Forget Siri and Cortana. Soon, you may be able to give commands to machines just by “thinking” them.
A team of researchers and engineers at Melbourne University are developing a stentrode, a tiny implant to be placed into a blood vessel next to the brain, which can record electric activity from a specific part of the brain. The information will then be decoded and interpreted into thoughts.
Dr. Tom Oxley, research lead, said the study is purely focused on harnessing the possibilities of bionics to improve the medical industry, particularly in the treatment of paralysis and epilepsy.
Using the stentrode implant, people who are suffering from paralysis or severe spinal cord injuries can use their thoughts to control the movement systems attached to their bodies, allowing them to interact with their surroundings again.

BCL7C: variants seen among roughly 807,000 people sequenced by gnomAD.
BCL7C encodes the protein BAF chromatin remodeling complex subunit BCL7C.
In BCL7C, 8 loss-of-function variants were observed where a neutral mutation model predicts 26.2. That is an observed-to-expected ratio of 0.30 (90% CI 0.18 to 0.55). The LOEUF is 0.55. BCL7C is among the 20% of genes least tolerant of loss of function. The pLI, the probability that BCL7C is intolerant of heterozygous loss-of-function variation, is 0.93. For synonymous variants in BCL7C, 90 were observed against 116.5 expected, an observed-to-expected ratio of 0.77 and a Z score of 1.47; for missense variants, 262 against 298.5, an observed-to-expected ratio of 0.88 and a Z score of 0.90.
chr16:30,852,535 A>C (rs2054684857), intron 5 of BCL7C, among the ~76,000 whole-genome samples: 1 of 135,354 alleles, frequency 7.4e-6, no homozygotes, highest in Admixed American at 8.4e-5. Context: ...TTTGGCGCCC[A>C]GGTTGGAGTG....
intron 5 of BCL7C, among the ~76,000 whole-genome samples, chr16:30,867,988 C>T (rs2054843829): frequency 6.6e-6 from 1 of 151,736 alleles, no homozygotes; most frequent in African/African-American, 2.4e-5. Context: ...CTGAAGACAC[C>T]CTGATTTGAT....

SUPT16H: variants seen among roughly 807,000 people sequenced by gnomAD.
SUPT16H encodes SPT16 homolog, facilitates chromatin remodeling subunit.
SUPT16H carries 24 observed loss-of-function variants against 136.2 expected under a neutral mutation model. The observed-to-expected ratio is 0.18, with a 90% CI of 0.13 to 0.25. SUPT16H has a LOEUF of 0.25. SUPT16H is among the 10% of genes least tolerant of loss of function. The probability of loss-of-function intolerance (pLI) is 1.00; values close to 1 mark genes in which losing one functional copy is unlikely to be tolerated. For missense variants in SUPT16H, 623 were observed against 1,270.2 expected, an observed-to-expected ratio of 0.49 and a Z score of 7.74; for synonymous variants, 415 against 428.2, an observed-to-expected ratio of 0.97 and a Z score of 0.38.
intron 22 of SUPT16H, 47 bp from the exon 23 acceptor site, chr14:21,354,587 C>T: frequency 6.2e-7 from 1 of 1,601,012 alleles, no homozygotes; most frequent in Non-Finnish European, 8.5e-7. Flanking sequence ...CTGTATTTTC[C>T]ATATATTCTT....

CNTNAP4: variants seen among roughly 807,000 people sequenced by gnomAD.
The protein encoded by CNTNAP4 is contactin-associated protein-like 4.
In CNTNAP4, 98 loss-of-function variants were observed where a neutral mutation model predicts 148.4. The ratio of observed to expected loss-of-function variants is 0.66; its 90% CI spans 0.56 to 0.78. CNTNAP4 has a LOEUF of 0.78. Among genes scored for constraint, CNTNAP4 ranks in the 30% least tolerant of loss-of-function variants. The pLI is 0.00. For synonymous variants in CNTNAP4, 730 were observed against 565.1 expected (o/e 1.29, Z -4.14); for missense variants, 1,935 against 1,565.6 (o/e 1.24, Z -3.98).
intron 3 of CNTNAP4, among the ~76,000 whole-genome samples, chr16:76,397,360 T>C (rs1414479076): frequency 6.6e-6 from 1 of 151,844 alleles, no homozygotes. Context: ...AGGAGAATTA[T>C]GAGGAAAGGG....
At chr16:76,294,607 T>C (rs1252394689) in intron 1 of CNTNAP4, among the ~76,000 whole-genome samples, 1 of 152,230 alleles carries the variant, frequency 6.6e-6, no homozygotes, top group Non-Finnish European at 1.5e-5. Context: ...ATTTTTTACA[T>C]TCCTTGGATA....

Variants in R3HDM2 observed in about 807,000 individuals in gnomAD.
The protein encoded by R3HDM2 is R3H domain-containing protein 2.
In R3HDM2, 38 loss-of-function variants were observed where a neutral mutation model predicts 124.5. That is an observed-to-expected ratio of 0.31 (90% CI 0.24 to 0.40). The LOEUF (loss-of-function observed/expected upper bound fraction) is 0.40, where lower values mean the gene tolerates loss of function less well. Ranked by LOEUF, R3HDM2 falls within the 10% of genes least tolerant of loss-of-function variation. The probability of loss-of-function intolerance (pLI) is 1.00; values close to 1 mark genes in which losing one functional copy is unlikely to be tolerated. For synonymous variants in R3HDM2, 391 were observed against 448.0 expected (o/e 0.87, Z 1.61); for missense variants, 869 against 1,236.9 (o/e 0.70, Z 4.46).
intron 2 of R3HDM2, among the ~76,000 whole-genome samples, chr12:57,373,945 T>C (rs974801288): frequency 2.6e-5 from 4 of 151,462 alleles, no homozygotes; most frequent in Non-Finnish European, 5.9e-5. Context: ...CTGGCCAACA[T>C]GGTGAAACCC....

Another goal of the study is to find out what’s happening in the brains of people who are having uncontrollable seizures and be able to predict and address the issue. The team has to develop a custom-fitted decoding algorithm to translate the electric brain activity into useful information.
To date, the research team says they have already recorded successful results during animal trials, which were published in the journal Nature Biotechnology, and are keen to get started in human clinical trials by 2017.